Two series I did lettering for last year have just arrived in trade paperback editions. Both were in hardcover earlier. Years ago anything I lettered was published once and that was it. Things began to change with the SANDMAN trade paperbacks in the 1990s. Now most things I letter are reprinted in collected editions at least once, sometimes more than once. I like that trend!
This and all images © Marvel.
In 1992 I was asked by Marvel editor Lisa Patrick to submit logo sketches for Cable, an X-Men related character who was being given his own series. I did three marker sketches initially, all using thick letters and bold outlines. This one is the most traditional approach. Continue reading
Cover art by Catrin Welz-Stein.
This story of a crippled boy with stubborn resilience and unusual abilities takes place in a small mountain community near the coast of California mostly in 1906. Moojie is twice abandoned by parents. First, he’s dropped on a doorstep as an infant and adopted by a local couple. Moojie’s new mother dies a few years later, and when Moojie’s handicap—a leg that won’t function right and a weak arm—become evident, the boy is dumped at the goat farm of his grandfather, Pappy, in the nearby hills, and Moojie’s adoptive father disappears. Pappy is not thrilled to have the boy, and at first threatens to put him in an orphanage, but over time the two form a grudging partnership as Moojie begins to learn how to help with the farm and its animals. Moojie’s real interest, though, is a group of natives hiding out in the nearby hills who show up at the farm periodically when Pappy is not around. Moojie is fascinated by them; their stories, their activities, and their mysterious ways. He longs to join the band, but they are wary. Moojie longs for a mother like their elder, Ninti, has a crush on the beautiful Babylonia, and is constantly threatened with violence by her boyfriend Sarru’kan. One thing about Moojie that he doesn’t understand greatly impresses the natives, a sort of psychic healing power he can manifest in times of great need, though not on demand. In Moojie’s many adventures with the natives, Pappy, and the townsfolk, he has need of it from time to time, and it always shocks everyone. What will become of this strange boy? Will he be sent off to live with his Irish aunt who he does not like? Will he succeed in joining the native tribe before they are swept up in the holy rapture they feel is coming? Will his father finally return to claim him? This coming of age book, delightfully written, tells the tale beautifully with humor, poetic grace, and surprising characters and situations.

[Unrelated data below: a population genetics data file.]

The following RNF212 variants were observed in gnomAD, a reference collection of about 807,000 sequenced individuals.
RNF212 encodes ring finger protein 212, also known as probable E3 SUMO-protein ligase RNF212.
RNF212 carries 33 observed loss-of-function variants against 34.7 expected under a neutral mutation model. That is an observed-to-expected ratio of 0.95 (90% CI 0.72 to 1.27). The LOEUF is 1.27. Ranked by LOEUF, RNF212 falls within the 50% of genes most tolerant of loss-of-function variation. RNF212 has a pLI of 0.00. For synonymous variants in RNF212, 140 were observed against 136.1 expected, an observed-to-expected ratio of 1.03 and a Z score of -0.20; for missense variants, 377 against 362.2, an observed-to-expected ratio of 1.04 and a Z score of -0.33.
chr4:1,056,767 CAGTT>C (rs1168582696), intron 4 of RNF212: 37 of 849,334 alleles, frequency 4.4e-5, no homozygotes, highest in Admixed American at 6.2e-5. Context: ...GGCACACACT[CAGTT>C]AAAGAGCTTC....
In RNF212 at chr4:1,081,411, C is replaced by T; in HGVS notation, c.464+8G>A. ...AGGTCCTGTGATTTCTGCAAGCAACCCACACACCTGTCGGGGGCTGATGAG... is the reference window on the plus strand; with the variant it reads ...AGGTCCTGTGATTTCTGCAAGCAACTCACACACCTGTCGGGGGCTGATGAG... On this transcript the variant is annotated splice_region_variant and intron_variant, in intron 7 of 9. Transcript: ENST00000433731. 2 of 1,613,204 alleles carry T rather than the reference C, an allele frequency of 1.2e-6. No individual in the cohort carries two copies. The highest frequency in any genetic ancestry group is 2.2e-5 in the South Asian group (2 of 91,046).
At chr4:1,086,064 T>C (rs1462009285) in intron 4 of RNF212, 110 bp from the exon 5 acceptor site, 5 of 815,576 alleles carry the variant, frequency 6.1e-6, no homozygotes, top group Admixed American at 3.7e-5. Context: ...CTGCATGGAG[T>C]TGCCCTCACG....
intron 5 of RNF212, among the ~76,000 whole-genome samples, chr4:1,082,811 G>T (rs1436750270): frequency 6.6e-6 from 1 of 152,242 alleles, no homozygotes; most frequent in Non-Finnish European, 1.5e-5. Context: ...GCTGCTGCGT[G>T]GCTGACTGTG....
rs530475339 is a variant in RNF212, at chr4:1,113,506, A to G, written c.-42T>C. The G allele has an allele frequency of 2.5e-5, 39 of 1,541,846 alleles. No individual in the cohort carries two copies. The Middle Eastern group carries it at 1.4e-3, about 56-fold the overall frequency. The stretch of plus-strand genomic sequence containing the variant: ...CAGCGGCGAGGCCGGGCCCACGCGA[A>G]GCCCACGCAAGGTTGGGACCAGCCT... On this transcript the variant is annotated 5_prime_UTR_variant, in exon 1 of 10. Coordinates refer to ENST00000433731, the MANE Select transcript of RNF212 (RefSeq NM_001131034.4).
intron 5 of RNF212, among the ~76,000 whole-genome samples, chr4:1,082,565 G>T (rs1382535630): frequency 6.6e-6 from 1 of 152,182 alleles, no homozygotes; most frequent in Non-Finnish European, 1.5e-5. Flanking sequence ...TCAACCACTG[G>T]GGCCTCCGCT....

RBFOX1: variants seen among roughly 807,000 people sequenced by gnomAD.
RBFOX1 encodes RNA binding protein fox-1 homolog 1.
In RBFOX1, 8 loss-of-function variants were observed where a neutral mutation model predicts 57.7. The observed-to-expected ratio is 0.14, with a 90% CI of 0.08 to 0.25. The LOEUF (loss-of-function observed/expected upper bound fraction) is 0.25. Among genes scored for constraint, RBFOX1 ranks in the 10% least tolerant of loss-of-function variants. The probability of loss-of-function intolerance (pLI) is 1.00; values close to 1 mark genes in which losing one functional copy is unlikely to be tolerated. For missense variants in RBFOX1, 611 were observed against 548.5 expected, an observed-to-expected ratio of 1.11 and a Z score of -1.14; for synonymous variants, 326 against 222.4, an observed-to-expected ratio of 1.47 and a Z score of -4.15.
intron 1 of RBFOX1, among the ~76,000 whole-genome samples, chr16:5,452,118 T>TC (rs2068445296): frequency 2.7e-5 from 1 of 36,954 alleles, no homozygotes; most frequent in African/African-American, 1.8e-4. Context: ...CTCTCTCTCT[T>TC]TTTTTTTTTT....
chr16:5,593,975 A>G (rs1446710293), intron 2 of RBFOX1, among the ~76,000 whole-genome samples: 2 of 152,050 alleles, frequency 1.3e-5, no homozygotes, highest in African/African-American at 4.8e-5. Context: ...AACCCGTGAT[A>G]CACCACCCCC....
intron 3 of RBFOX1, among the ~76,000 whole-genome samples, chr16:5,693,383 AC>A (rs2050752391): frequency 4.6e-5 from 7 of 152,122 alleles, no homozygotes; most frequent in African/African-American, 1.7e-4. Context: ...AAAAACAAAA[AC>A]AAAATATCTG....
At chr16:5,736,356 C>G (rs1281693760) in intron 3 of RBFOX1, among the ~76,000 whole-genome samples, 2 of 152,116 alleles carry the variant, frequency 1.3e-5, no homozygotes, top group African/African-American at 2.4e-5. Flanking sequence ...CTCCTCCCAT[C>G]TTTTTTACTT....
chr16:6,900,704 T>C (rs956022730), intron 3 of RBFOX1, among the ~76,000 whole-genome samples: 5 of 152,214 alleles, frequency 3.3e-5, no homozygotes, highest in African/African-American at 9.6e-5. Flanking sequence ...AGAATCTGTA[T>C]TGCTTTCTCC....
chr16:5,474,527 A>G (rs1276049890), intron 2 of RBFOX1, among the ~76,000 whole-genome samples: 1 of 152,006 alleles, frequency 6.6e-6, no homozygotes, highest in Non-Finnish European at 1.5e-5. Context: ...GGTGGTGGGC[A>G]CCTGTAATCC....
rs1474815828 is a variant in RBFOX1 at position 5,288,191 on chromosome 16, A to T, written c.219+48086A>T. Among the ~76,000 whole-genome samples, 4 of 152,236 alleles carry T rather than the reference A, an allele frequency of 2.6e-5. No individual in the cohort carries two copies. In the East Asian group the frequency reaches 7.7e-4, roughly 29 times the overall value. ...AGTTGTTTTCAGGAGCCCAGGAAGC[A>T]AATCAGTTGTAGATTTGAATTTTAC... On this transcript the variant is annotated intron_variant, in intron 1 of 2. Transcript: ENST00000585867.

Mummies from the Metropolitan Museum of Art are suddenly coming to life and wreaking havoc in Manhattan. Khalid’s girlfriend Shaya is among those being threatened, and Khalid is quick to take on the threat as Doctor Fate. These are more than mummies, they’re powerful, angry spirits, and the original Doctor Fate, Kent Nelson, comes to help. More is going on here that meets the eyes of the vigilant heroes, and the final page foretells.
We are nearing the end of the Paul Levitz and Sonny Liew run on this title, I have one more to read. I’ve enjoyed it a great deal.
This one really is the cat’s meow. Cover artist Alex Ross, writer Kurt Busiek and interior artist Brent Anderson are in the groove and moving to the rhythm of heroine Jazzbaby and Romeyn Falls in 1928, when the living was good and the music was hot. Even letterers Roshell and Betancourt and colorist Pantazis are at the top of their game. Jazzbaby is delightfully airy and art deco, but when she feels evil lurking beneath the Alhambra Theatre, she doesn’t hesitate to take it on. The occultist Destiné has a special show planned for his audience, and the ancient evil he plans to unleash will not entertain them. Jazzbaby gets some help, but the forces against the heroes are powerful. Who will call the tune?